For Canek Sánchez Guevara and Ulises Estrella
Giuliana Prevedello and Lorena Botello, postgraduate students in Art History at the Autonomous University of Mexico (UNAM), sent us an email that read: “Margaret Randall says she can travel to Mexico City to participate in our event. She is able to come at the beginning of January . . .” Margaret’s trip to our country would be legendary in the context of two projects: siete.de.catorce, the graduate exhibition curated by the students of Curatorial Studies in UNAM’s Masters in Art History program, organized by University Collections Gallery at the institution’s Tlatelolco Cultural Center, and the Research and Curatorial Seminar hosted by the Center of the Image where she would also deliver a lecture and take part in a conversation.
An academic invitation allowed us to take advantage of the bureaucracy with its economic possibilities. For us—students, readers and researchers of the 1960s in Mexico—it meant the realization of a long-held dream: we were intensely interested in knowing and listening to Margaret Randall. We were intrigued by her devotion to collective work, and by her words that had been such constructive elements on the infinite barricades of social struggle on the wings of poetry. We wanted to hear about her life as a poet familiar to us from the time of the Vietnam War and its aftermath, a shooting star to Central America and the Caribbean, her role as a mother. We wanted to personally thank her for her presence in this world, for having shown us new possibilities at every step along her journey. A constant antagonist of power and of the Cold War history that is such a part of relations between the United States, her country of birth, and Mexico, her second country of birth (to be followed by many others).
siete.de.catorce is a series of exhibitions coordinated by the US (almost Mexican) art historian James Oles, a delirious curatorial exercise to which Botello and Prevedello contributed a small but stimulating exhibit called El Corno Emplumado, A Magazine from Mexico City. It was the first to display (almost) all the issues of El Corno—founded by Sergio Mondragón and Margaret Randall in 1962—alongside contemporary Latin American publications in which are to be found the political ideas, experimentation in the graphic arts, and literary proposals of so many revolutionary artists who shaped language and created new meanings. In order to call public attention to the worldwide web of independent journals generated by El Corno back then, the postgraduate students constructed a space that suggested Randall’s and Mondragón’s adventure. And in that space they also included the work of visual artists who contributed to the journal.
But with all the problems implicit in borrowing copies of magazines and other documents, arranging for their transfer and setting up the exhibit, the clock was ticking and the funds we needed failed to appear. Months went by, and institutional contacts proved insufficient. “University policy requires that the flights of visiting academics can only be purchased in the year in which travel takes place,” the university accountant told us in a curt email. On January 9, 2015, at 4 p.m., five days before they were due to travel, we sent Margaret Randall and Barbara Byers their round-trip tickets from Albuquerque to Mexico City (with a change of planes in Dallas). Looking back, keeping them waiting seems like a case of bureaucratic torture, and their willingness to put up with the wait a case of absolute faith in the committee of crazies who wanted them to come.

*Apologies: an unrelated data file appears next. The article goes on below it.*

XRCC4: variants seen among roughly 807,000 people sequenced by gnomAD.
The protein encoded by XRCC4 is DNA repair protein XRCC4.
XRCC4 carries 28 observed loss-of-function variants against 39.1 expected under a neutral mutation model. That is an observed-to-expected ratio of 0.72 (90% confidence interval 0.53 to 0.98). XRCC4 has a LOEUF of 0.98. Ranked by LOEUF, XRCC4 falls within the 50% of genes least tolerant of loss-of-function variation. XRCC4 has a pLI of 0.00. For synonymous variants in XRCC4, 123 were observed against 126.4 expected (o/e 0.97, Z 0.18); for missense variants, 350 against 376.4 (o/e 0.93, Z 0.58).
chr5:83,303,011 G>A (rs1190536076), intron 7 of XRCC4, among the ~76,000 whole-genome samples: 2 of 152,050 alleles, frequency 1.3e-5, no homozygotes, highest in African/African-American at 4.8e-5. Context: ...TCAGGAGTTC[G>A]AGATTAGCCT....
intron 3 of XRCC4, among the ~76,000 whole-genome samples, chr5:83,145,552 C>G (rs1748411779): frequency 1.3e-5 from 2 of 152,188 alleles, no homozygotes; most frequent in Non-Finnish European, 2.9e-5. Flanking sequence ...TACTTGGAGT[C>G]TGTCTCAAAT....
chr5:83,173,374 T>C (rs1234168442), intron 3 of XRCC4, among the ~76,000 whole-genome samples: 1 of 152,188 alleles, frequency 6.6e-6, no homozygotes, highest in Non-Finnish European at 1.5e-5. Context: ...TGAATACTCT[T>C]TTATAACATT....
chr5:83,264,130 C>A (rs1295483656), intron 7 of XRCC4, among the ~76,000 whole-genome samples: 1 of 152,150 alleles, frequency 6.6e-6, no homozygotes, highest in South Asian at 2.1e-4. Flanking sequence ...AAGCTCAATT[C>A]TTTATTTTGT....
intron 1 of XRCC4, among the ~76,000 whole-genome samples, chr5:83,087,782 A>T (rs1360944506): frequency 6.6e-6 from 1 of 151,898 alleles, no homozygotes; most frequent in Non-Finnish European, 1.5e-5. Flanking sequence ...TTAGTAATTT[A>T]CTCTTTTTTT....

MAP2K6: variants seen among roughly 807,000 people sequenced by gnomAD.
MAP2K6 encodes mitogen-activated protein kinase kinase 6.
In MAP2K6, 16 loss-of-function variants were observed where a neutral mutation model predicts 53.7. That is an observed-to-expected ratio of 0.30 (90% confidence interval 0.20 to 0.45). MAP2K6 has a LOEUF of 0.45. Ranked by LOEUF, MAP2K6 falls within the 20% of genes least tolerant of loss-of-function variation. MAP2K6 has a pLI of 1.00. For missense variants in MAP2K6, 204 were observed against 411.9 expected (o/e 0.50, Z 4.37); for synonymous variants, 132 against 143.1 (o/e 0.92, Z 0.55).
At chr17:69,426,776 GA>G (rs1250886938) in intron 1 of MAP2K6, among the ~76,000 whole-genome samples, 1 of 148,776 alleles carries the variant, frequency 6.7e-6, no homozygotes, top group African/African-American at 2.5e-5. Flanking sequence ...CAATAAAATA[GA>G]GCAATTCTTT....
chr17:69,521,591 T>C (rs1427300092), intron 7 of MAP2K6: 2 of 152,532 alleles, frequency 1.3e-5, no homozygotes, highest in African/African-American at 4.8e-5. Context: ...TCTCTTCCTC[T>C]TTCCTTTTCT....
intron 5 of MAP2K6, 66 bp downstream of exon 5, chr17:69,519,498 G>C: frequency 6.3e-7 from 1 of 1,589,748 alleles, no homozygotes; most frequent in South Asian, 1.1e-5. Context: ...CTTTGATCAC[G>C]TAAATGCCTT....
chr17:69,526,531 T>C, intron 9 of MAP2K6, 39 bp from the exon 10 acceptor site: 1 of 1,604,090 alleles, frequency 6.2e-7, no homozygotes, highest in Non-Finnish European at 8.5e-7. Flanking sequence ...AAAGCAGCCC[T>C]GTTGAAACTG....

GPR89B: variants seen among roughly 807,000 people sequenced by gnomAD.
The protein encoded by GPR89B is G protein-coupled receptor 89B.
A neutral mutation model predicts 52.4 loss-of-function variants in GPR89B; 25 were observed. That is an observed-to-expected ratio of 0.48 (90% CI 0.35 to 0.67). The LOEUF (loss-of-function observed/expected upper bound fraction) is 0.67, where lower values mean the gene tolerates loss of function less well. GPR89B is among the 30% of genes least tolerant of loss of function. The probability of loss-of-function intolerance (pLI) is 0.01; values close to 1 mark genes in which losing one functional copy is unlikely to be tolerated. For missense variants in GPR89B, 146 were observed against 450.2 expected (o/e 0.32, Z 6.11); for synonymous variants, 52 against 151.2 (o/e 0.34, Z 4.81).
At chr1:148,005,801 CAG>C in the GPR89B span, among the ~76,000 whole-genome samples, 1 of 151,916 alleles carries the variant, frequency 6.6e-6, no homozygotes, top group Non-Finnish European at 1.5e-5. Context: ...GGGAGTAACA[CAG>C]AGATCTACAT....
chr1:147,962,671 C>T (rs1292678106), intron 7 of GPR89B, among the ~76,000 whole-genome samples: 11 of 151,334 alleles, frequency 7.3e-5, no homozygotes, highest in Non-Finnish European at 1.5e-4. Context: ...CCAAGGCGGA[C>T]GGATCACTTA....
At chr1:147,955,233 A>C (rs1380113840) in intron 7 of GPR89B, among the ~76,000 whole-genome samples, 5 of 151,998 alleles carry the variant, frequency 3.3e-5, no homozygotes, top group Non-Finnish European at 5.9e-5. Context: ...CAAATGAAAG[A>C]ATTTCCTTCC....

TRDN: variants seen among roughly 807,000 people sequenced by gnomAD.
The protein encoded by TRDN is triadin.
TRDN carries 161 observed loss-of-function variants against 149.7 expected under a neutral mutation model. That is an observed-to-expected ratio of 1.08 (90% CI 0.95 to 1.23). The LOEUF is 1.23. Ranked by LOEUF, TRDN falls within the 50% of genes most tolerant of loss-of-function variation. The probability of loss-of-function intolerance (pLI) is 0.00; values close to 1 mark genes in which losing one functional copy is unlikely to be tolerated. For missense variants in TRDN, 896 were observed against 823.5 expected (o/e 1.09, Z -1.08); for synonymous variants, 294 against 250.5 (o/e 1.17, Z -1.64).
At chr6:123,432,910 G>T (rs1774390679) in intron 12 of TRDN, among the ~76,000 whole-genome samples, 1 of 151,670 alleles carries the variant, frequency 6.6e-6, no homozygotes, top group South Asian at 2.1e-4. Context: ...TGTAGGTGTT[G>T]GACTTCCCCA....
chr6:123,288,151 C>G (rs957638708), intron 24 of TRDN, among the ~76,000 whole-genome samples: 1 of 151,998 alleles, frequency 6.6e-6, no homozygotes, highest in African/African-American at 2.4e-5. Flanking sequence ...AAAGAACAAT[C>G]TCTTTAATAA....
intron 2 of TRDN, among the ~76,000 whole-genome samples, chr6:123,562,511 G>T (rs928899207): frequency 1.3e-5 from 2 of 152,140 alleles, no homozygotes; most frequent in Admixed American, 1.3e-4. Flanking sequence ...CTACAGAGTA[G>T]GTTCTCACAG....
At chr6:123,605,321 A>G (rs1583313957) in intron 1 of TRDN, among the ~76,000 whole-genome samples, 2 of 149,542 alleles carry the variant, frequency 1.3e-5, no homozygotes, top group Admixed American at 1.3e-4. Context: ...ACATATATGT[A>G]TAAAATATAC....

They arrived on January 13th at 5 p.m. on a flight that was two hours late. We picked them up in Benito Juárez International Airport’s Terminal 1, and drove them to Casa Stella, the small hotel on Amsterdam Avenue where they would be staying. After a brief but painful accidental crushing of one finger in a door, the two women got settled and we went to grab a bite at a nearby Japanese restaurant. Over dinner we shared information about our respective countries. They spoke of the epidemic of racist citizen murders by US police. We spoke of the 43 students disappeared from the Raúl Isidro Burgos Teachers School in Ayotzinapa, Guerrero. They told us about the yearly writing workshops at the Jack Kerouac School of Disembodied Poetics. We discussed femicide, gay marriage, and our disenchantment with Buddhism.
We can’t remember the order of these conversations because they continued non-stop throughout their visit. We were on the same journey to make visible our place (or lack of place) in a fractured state that buries its dead without telling their families. We confirmed the visits we would be making during the week: to the Frida Kahlo Museum, Sor Juana Inés de la Cruz’s “cell,” and the latest excavations at the Templo Mayor. The city was happy to have them and everyone helped with these plans. It had been a long day. They slept while we began working on the Spanish translation of the text Margaret would read days later at UNAM’s Tlatelolco Cultural Center.
“How Poetry Illuminates My Understanding of History” is the name of the lecture Randall delivered on Wednesday the 14th at 10 a.m. at the Center of the Image. The audience consisted of specially invited guests, our colleagues from Tlatelolco, and students and professors from the Seminar, most of them historians. Margaret took us to moments of her own history, to groups of Beat poets and conversations with those from Black Mountain, to Vietnam, Nicaragua, and the core of her own poetry. A lot happened as this 78-year-old woman read. Poetry clarified spaces of confusion and ambiguity in the history she had witnessed. Her 27-page text moved from poetry to theory, from literature to a beautiful narrative of her own volatile life. She spoke to us of places of refuge and places of freedom, beyond (or before) the official story’s authoritarian stance. As she read, she awakened emotions as she stimulated a reflection on poetic forms as spaces of freedom (allowing us to emerge from our disciplines, to dare to play). She invited us into multiple versions of writing when confronting the monoliths of historic “truth.” As if a thousand doors opened to the depths of her inexhaustible heart, we listened to Ginsberg’s “Howl” from a new place, the voice of a woman who had heard so many men read poetry as the feminist revolution surged.